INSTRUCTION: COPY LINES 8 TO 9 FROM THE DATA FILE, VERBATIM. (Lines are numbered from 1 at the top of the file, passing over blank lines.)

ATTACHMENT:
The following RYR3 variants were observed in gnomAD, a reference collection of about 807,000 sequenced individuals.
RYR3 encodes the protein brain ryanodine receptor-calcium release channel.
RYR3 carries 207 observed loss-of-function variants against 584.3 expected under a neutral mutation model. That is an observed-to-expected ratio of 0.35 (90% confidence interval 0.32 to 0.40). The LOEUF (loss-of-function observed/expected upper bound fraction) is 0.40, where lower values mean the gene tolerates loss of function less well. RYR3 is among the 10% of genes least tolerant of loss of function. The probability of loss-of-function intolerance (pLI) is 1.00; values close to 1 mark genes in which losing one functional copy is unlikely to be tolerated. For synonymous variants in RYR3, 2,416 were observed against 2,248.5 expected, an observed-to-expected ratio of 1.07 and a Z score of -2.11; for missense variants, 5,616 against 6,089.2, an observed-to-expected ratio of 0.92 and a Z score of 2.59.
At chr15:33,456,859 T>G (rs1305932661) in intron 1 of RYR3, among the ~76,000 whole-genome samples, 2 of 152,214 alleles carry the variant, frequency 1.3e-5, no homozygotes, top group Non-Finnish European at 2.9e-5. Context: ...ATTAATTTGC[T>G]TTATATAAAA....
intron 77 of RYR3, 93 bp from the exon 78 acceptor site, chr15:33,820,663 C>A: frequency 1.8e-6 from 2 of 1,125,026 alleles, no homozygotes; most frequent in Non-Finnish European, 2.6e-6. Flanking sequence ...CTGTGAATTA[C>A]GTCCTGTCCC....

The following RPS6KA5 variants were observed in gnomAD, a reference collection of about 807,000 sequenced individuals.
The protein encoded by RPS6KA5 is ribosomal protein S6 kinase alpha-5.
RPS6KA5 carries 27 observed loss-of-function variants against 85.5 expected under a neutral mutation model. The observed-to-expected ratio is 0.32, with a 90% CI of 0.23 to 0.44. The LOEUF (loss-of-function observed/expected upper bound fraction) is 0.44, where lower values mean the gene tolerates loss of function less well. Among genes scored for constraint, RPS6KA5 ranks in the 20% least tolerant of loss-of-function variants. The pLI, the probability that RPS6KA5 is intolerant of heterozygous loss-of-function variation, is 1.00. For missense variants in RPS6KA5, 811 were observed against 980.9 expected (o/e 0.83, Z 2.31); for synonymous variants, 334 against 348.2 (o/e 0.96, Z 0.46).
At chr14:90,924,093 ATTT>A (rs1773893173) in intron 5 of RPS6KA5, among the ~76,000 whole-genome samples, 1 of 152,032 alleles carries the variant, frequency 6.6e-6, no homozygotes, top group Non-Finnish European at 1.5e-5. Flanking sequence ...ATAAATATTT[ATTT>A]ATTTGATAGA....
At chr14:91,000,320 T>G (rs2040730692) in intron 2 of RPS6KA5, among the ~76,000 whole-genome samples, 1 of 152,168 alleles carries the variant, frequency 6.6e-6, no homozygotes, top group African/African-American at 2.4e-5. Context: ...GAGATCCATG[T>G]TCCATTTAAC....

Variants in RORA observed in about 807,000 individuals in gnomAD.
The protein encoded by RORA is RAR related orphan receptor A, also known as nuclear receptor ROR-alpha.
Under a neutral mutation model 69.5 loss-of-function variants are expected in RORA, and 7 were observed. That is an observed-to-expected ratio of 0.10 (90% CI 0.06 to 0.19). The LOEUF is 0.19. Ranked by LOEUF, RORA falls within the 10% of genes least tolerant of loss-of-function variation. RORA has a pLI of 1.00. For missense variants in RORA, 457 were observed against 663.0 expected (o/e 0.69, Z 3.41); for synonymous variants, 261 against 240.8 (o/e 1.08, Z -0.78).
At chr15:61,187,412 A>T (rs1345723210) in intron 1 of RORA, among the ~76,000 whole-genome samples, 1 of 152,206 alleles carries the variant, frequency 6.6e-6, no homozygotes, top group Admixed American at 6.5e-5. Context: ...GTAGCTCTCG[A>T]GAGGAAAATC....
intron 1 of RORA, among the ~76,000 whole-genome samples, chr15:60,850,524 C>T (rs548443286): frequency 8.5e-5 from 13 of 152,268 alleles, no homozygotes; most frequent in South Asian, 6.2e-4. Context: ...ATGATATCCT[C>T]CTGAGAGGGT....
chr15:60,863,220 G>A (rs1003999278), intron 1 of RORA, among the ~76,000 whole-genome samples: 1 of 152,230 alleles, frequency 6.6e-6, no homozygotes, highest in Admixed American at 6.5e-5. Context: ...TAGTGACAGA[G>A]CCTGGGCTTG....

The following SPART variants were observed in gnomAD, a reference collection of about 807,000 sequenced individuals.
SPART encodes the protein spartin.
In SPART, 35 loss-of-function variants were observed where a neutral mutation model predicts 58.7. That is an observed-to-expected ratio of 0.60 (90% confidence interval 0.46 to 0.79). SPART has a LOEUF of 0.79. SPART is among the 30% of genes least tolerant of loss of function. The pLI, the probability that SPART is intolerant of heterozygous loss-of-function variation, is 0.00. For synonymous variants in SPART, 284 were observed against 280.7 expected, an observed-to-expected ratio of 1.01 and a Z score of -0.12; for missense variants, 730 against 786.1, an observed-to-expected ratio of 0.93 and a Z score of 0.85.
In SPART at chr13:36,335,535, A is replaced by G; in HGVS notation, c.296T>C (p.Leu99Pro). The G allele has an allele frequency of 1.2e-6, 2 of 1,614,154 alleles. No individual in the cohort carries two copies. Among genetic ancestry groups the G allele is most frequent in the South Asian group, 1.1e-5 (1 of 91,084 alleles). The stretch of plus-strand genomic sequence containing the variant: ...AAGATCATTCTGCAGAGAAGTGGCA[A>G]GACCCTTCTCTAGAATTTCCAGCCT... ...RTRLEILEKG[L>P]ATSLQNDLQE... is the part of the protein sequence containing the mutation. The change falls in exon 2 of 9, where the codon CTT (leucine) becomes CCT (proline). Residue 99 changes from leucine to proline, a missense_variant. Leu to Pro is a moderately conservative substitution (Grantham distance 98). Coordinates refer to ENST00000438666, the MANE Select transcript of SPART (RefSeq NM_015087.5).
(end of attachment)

RPS6KA5 carries 27 observed loss-of-function variants against 85.5 expected under a neutral mutation model. The observed-to-expected ratio is 0.32, with a 90% CI of 0.23 to 0.44. The LOEUF (loss-of-function observed/expected upper bound fraction) is 0.44, where lower values mean the gene tolerates loss of function less well. Among genes scored for constraint, RPS6KA5 ranks in the 20% least tolerant of loss-of-function variants. The pLI, the probability that RPS6KA5 is intolerant of heterozygous loss-of-function variation, is 1.00. For missense variants in RPS6KA5, 811 were observed against 980.9 expected (o/e 0.83, Z 2.31); for synonymous variants, 334 against 348.2 (o/e 0.96, Z 0.46).
At chr14:90,924,093 ATTT>A (rs1773893173) in intron 5 of RPS6KA5, among the ~76,000 whole-genome samples, 1 of 152,032 alleles carries the variant, frequency 6.6e-6, no homozygotes, top group Non-Finnish European at 1.5e-5. Flanking sequence ...ATAAATATTT[ATTT>A]ATTTGATAGA....